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Japanese knotweed is one of the most infamous invasive species in the UK, known for its rapid spreading and difficulty to remove.

If you’ve found yourself with Japanese Knotweed on your property, you may be researching the range of different knotweed removal services available to you; perhaps you’re even interested in finding out if it’s possible for you to remove the knotweed yourself. So, can Japanese knotweed be removed by anyone?


can i be sued over Japanese knotweed

If you have a Japanese knotweed infestation on your property, you should be extremely careful. If the infestation spreads from your land onto neighbouring land, you can be sued. 

A quick internet search will reveal a number of legal cases where people have claimed thousands of pounds after finding Japanese knotweed that had encroached on their land. To avoid a court case, you should treat Japanese knotweed on your property before it has a chance to encroach onto neighbouring land - otherwise, you'll be left to face the consequences.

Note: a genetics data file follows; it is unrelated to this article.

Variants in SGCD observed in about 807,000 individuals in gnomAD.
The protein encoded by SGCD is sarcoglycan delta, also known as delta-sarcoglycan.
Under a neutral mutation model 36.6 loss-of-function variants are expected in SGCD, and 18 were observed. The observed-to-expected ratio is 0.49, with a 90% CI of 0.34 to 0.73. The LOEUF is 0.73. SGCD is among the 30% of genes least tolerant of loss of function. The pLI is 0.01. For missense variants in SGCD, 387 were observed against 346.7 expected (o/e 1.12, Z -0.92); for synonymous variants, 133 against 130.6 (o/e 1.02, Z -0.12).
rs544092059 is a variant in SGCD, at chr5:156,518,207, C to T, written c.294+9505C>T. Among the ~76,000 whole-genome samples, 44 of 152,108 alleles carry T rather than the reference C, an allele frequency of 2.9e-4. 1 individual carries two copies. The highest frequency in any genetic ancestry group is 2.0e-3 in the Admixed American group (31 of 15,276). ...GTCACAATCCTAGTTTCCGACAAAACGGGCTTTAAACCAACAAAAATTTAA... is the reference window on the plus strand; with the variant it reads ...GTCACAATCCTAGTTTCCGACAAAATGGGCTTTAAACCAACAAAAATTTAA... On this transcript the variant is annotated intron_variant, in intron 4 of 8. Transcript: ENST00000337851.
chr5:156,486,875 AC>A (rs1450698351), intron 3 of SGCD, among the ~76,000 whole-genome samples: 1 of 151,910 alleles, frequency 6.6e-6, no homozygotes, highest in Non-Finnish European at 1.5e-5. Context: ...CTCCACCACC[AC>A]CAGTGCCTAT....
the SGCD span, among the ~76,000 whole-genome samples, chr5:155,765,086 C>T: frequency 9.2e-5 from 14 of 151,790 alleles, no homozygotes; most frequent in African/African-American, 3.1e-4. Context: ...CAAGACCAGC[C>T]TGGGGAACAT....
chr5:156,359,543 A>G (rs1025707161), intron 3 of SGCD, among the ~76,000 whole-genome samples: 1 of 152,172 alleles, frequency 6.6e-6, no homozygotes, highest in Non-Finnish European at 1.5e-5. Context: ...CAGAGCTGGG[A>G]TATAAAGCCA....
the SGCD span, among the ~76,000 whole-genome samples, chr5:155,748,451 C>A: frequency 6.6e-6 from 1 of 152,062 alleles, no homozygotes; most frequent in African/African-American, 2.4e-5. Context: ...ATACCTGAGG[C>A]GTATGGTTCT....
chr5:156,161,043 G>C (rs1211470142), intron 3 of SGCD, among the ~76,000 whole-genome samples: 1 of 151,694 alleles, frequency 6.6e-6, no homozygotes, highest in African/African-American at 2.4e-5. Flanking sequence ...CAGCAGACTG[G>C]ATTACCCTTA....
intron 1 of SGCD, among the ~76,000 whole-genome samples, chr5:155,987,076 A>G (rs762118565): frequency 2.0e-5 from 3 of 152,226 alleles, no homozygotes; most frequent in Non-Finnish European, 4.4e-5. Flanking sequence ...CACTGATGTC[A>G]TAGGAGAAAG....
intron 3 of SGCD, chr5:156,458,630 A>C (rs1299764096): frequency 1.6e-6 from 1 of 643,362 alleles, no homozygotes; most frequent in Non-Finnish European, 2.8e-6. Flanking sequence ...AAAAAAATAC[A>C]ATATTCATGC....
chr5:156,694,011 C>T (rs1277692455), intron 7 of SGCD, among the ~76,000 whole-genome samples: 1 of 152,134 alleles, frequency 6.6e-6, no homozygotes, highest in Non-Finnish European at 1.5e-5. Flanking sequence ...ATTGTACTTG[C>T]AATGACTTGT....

Japanese knotweed is a bothersome invasive species and, although not poisonous, it can still do plenty of damage to buildings and the natural habitats it overtakes.

More and more people are being made aware of its presence and its dangers, and how it can affect your property. As such, we’ve now reached a point where almost half of potential buyers wouldn’t buy a house with Japanese knotweed.


Japanese knotweed is a potentially damaging invasive species that can affect your property in a number of ways. Despite it not being a native species, it’s a relatively well known plant in the UK, for all the wrong reasons.

Japanese knotweed is infamous for its rapid growing speeds, with the ability to grow over 10cm a day in the summer months. This is just one reason that highlights why, when it comes to Japanese knotweed, it’s essential to act as soon as possible.


Japanese knotweed shoots

Japanese knotweed (Fallopia japonica) is a herbaceous perennial. What this means is that, at the end of every autumn, the plant dies down and its roots lie dormant throughout the winter. It regrows its shoots in spring and reaches peak growth in the summer months, when it can grow by as much as 10 centimetres per day!

This cycle means that knotweed looks completely different at different times of year, sometimes making it tricky to identify. It's March at time of writing, which means we're approaching that time of year when we can expect Japanese knotweed shoots to start popping up.


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